I know there are those who find this all distasteful: sensational, pandering to the media (and to the forces pressuring academics into proving their public “impact”), making a circus out of research … or just unfortunate because of the emphasis on a famous figure, as if archaeology and history are less interesting and important if they focus on ordinary people and ordinary lives. I have some sympathy for that last concern: there are many who “rest in unvisited tombs,” and there are lots of reasons to value and tell their stories: in the last century or so there’s been a transformation in historical priorities precisely in this direction, away from a focus on great men (and the occasional great woman).

Still, I can’t see raining on this parade. Aside from the intrinsic excitement of discovery, of adding some certainties to a centuries-old mystery (here’s a piece of the puzzle that has been missing for over five centuries, after all!), isn’t there something exhilarating about seeing a wider public get excited about something like this? Who knows what might be the wider effects–benefits, even–of sparking people’s imaginations in this way. Individual stories bring history into focus: they help us think about it as something that happens to real people. And this truly is a sensational story.


There’s something both thrilling and poignant about the spectacle of this broken body. It’s one thing to debate the theoretical value or responsibilities of historical fiction to the past. It’s another thing to see that past resurrected in all its tangible but enduring fragility. Difficult as our access to it may be, and impossible as it may be to reduce it to a single story, there is something that really happened. Now, here in front of our eyes, is, quite literally, the skeleton which has been fleshed out in so many memorable ways. I find it stunning: it gives me goose-bumps.

From the Richard III Society site, the facial reconstruction based on the discovered skull.


Updated: Thanks to my Open Letters essay on Richard III (linked above), I was contacted by Kate Taylor of the Globe and Mail to chat as part of her research for this piece on the continuing appeal and controversy of his story.

Catching Up: Bookish Miscellany, with a Special Note on Loins

I haven’t done a lot of focused reading in the past week or so–I blame (but very much welcomed!) my visiting parents, for diverting me with conversation. I also blame my daughter, who celebrated her 10th birthday on the weekend–an occasion involving much festivity but also, in advance, much planning, bustling, and shopping. Not that we did anything particularly fancy for it (not like last year’s bouncy castle, which really was quite a big deal). This year we had a “pajama day” party, with pillows and “stuffies” and movies, all very cozy. Of course, it would turn out to be the one beautiful sunny day in about a month! But everyone seemed to enjoy curling up to watch, and then we had games (‘freeze dance’ is a ritual favorite with this crowd) and pizza and ice cream sundaes with all the peanut-free toppings I could think of (Maddie’s very allergic).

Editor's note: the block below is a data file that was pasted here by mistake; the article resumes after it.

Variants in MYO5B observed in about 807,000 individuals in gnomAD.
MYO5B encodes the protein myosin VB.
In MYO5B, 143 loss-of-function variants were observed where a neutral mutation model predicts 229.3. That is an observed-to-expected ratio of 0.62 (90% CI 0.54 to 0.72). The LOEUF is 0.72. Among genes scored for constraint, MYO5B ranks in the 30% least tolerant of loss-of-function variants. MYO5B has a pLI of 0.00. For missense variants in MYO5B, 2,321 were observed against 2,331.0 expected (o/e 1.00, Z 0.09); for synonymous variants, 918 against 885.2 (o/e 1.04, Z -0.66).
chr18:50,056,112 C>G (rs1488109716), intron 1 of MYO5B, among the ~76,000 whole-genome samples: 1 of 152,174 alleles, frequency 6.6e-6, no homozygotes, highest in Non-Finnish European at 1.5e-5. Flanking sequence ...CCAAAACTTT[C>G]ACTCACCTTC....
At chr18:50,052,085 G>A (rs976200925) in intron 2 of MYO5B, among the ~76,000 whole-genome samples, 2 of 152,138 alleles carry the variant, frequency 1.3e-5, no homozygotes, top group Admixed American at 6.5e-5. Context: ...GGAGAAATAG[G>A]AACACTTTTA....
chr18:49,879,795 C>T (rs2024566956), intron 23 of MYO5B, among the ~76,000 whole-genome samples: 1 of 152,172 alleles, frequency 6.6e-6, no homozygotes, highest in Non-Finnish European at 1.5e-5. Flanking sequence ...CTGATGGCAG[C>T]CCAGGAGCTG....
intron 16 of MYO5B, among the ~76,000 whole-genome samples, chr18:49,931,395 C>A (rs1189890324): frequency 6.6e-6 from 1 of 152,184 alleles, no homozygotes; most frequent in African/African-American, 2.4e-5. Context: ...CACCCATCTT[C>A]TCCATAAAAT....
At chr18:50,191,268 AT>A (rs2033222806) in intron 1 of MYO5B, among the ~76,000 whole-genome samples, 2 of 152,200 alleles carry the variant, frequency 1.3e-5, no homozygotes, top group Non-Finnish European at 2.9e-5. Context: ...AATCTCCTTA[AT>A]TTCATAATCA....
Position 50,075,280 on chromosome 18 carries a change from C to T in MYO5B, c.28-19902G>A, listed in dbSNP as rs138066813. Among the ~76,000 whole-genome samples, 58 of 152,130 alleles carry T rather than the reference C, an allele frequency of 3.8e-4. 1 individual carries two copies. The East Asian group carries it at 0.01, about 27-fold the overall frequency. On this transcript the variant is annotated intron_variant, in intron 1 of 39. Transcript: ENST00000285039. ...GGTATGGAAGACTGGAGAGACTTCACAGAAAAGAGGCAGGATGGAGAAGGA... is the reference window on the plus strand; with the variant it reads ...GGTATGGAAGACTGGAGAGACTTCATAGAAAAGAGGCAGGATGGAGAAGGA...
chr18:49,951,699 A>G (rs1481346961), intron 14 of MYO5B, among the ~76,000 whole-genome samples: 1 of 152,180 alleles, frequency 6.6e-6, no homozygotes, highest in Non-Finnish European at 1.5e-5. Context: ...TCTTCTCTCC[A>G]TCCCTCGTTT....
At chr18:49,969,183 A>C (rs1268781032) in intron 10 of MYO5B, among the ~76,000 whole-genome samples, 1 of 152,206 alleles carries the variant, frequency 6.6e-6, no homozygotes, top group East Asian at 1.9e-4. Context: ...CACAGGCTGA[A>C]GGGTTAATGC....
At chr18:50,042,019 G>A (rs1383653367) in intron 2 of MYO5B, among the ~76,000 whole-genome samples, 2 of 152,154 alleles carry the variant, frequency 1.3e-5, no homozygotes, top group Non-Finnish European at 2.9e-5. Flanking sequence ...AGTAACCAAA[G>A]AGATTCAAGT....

I have been gathering books to read, though, and puttering through some of them, especially various books (fiction and non-fiction) about Richard III, as I think through what my essay will be about. I haven’t kept up with Ricardian novels since about 1985, and it turns out there have been quite a few, so I’ve been searching them out at the library and taking a look. At this point I’m not inclined to pay much attention to these “new” ones in my essay because they seem, well, awful. I suppose they aren’t, really. What they are is pedestrian and unconvincing. That said, I’ve been wondering: are the old books I cherish, including the two I just reread (The Broken Sword and The White Boar) really any better, or do I just read them through sentimental eyes? I think they are better. For one thing, by and large they avoid tedious attempts to make the characters sound medieval by having them speak in stilted, artificially antique dialogue–like this, from the page that happens to be open in front of me: “Ay, young Richard has proved a good student of arms. I do hear he wields a fierce sword.” You do hear that, do you? 15th-century speakers would have sounded perfectly idiomatic to themselves: I think that (for any but the most ingenious and talented writers) the smartest choice is to make them sound perfectly idiomatic to us, and to let the strangeness of their world-view come through in some other way. An old-fashioned oath or two is fine, and certainly allusions to period details of clothing, food, ritual, whatever. But stay away from ” ‘Tis unnatural in the eyes of God what they are doing” or “Certes, ’tis hard to explain.” Rather than creating an air of authenticity, this kind of labored stuff distances us–or me, at least–from the characters whose immediacy is crucial to our imaginative engagement with the novel. And for crying out loud, leave their loins out of it: across just a few pages of my current example, Anne Easter Smith’s A Rose for the Crown, we get “his exposed loins telling the tale,” “Kate’s loins all but melted into her shaky knees,” and “she experienced the familiar flutter in her heart and stomach that affected her loins.” Our heroine Kate has yet to get passionate with Richard of Gloucester, but I have a familiar flutter of my own that says loins will once more be involved, though maybe this time they’ll keep quiet and stay above the knees. I am hopeful that Jean Plaidy’s The Reluctant Queen will be better. I read and reread Plaidy’s novels as a teenager and have often regretted having discarded most of my collection over the course of many moves. This particular one is unknown to me, though: it is a late one, early 1990s, I think. (One of the unexpected convergences of my thesis research was discovering that the reason Agnes Strickland’s 1840s series Lives of the Queens of England seemed so familiar to me was that Strickland was one of Plaidy’s main sources.) I also dug up Sandra Worth’s The King’s Daughter and took Philippa Gregory’s The White Queen as I roamed the library, as both are at least peripherally about Richard and the Princes in the Tower.